"Why Uganda is one of the world's most hospitable refugee destinations" PBS NewsHour 10/18/2016
SUMMARY: In a world struggling with anti-immigrant sentiment, Uganda provides a rare hospitable welcome for those seeking asylum. Refugees live in settlements where they are able to run small businesses, attend mosques and children attend school. The country's support system is possible mainly because of its unilateral political structure. Special correspondent Fred de Sam Lazaro reports from Uganda.
Editor's Note: A version of this story aired on the PBS program “Religion and Ethics Weekly.”
JUDY WOODRUFF (NewsHour): In a world struggling to accommodate a record number of Refugees, one country has been notably welcoming.
Special correspondent Fred de Sam Lazaro has a report from Uganda. It's part of his Agents for Change series.
FRED DE SAM LAZARO (NewsHour): Nakivale in Southern Uganda looks like any other dusty rural African town. What's remarkable is that almost none of its 113,000 residents are Ugandan.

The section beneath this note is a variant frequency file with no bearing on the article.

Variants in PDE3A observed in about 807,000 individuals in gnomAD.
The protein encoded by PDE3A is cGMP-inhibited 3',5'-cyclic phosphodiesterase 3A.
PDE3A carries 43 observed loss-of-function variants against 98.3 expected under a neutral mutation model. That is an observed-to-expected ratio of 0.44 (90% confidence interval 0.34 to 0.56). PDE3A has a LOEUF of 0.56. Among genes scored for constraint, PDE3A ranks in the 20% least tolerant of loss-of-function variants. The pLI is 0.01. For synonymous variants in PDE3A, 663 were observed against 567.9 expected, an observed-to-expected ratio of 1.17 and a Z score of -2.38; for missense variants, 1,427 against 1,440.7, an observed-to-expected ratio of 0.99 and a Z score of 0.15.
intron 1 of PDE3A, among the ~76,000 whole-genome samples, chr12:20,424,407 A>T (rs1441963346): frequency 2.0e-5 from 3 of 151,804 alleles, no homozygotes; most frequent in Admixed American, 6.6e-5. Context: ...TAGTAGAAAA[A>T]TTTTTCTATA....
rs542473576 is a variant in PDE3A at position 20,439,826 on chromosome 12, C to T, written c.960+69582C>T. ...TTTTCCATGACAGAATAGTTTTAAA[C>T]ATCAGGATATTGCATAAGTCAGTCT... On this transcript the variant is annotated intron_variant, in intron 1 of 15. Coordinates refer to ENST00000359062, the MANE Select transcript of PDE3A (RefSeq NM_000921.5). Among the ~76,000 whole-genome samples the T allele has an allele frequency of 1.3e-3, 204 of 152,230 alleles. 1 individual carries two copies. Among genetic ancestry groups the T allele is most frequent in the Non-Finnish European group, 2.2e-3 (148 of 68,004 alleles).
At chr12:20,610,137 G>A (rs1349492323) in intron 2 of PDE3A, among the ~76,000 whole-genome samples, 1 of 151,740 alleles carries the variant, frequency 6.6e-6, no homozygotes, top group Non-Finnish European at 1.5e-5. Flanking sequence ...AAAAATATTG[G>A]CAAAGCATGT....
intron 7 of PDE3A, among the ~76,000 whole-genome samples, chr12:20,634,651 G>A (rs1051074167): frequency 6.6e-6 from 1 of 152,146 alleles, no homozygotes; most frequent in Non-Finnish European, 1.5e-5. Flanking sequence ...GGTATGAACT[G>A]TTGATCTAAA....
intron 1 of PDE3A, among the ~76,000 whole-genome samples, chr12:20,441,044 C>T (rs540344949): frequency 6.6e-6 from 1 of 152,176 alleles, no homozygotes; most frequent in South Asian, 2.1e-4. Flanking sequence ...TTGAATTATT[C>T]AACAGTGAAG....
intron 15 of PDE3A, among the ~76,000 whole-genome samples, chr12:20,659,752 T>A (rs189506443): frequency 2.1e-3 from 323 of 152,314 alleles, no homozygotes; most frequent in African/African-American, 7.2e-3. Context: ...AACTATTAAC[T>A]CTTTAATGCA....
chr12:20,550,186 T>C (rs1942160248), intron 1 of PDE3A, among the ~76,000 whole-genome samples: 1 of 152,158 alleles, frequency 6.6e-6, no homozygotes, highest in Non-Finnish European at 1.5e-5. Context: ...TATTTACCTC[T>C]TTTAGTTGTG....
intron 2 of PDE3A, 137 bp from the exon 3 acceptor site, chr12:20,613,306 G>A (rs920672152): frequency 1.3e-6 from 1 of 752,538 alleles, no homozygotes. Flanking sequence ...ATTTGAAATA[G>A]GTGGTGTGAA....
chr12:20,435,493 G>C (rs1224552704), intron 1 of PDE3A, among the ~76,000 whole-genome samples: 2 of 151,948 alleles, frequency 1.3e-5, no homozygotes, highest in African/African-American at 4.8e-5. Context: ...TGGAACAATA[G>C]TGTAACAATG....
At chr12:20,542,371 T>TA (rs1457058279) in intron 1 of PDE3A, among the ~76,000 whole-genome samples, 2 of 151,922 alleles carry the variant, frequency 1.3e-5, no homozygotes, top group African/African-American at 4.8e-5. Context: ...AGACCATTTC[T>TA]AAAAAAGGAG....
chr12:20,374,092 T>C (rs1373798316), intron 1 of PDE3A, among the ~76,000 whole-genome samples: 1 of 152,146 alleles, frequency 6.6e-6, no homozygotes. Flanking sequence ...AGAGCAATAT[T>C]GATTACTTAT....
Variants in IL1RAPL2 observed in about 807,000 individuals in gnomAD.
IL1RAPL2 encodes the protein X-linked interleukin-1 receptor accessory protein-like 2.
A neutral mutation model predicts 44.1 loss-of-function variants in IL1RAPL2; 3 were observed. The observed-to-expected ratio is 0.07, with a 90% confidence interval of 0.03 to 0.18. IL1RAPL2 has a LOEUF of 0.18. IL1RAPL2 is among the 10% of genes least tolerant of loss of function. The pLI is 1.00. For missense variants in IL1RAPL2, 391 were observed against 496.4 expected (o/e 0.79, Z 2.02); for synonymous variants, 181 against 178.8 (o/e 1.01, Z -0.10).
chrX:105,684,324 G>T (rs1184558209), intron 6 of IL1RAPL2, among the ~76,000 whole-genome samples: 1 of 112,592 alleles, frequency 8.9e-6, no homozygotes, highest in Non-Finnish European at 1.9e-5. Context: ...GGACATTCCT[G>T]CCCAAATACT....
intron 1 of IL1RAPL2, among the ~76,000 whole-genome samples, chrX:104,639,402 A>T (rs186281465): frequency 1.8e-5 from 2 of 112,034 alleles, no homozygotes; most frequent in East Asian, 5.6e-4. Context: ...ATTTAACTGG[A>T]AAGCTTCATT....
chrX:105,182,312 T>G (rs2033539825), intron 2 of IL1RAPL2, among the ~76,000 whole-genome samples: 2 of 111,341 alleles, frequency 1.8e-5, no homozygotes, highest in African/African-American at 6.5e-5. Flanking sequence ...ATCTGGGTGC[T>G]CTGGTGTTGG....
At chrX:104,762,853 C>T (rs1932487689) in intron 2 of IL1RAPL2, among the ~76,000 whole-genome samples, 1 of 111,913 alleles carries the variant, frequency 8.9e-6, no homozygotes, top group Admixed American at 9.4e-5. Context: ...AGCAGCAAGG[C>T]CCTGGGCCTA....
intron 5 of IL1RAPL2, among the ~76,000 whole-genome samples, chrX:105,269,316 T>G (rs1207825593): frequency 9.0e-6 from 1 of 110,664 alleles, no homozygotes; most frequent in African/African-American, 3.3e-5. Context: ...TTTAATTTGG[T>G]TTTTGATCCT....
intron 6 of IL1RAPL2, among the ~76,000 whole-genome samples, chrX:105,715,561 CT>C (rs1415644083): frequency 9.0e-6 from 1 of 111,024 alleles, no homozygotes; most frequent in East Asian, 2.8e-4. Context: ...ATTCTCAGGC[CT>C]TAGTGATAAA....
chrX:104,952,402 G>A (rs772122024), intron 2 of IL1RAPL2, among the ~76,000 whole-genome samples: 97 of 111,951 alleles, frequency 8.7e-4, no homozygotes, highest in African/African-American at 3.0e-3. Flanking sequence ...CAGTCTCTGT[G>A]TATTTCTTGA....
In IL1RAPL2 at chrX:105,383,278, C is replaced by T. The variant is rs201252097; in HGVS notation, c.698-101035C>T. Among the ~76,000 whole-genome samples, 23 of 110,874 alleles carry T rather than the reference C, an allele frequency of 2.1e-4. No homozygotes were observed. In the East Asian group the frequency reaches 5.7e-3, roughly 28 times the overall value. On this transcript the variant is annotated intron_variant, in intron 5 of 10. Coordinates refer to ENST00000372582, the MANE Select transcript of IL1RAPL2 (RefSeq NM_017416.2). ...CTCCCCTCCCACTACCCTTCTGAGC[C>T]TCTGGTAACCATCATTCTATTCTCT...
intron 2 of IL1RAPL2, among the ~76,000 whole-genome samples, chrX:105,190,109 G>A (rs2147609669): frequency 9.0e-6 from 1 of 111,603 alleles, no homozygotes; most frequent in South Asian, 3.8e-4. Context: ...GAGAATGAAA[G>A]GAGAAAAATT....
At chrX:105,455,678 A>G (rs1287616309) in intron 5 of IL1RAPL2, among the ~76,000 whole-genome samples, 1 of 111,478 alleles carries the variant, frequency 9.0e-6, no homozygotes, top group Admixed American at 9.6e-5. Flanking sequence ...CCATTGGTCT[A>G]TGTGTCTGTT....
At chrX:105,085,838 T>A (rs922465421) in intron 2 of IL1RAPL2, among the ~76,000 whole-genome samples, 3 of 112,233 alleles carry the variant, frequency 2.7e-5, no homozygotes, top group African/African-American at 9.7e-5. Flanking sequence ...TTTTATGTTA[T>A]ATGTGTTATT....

All of these schoolchildren and their parents are refugees.
Burundi? Rwanda? Congo?
All told, 13 nations are represented in this crowded school, their families fleeing conflicts across a wide swathe of East Africa and finding haven in what must rank as one of the world's most hospitable countries to refugees.
In Uganda, refugees are placed in settlements and not camps, and the government says there's an important difference. Camps tend to confine people, whereas, in Uganda, when refugees arrive, they are issued legal I.D.s that entitle them to move freely anywhere in the country, to find a job, start a business, put their children in school.
Refugees in rural areas are given a small plot of land to farm. Others migrate to the urban areas. Somalis are among the earlier arrivals in recent years. Their enclaves in the capital, Kampala, are well-established with small businesses and mosques, a predominantly Muslim community in a mostly Christian nation.
Mohammed Abdi runs this grocery story with his partner, Zahara Hassan.
MOHAMMED ABDI, Somali Immigrant (through translator): We have very many Ugandan customers and we are friends. I am one of the Somali elders in the community. We interact with the elders of the Ugandan community, whether leaders in this distract or region. And we are friends, and they welcome us. We're very happy. We're like one people.
FRED DE SAM LAZARO: And one scholar who's studied refugees in Uganda says there's reason to be happy.
ALEXANDER BETTS, Oxford University: We showed in the capital city of Uganda, Kampala, 20 percent of refugees own businesses that employ someone else. And of those they employ, 40 percent are citizens of the host country. So refugees can contribute to the host societies that they're part of.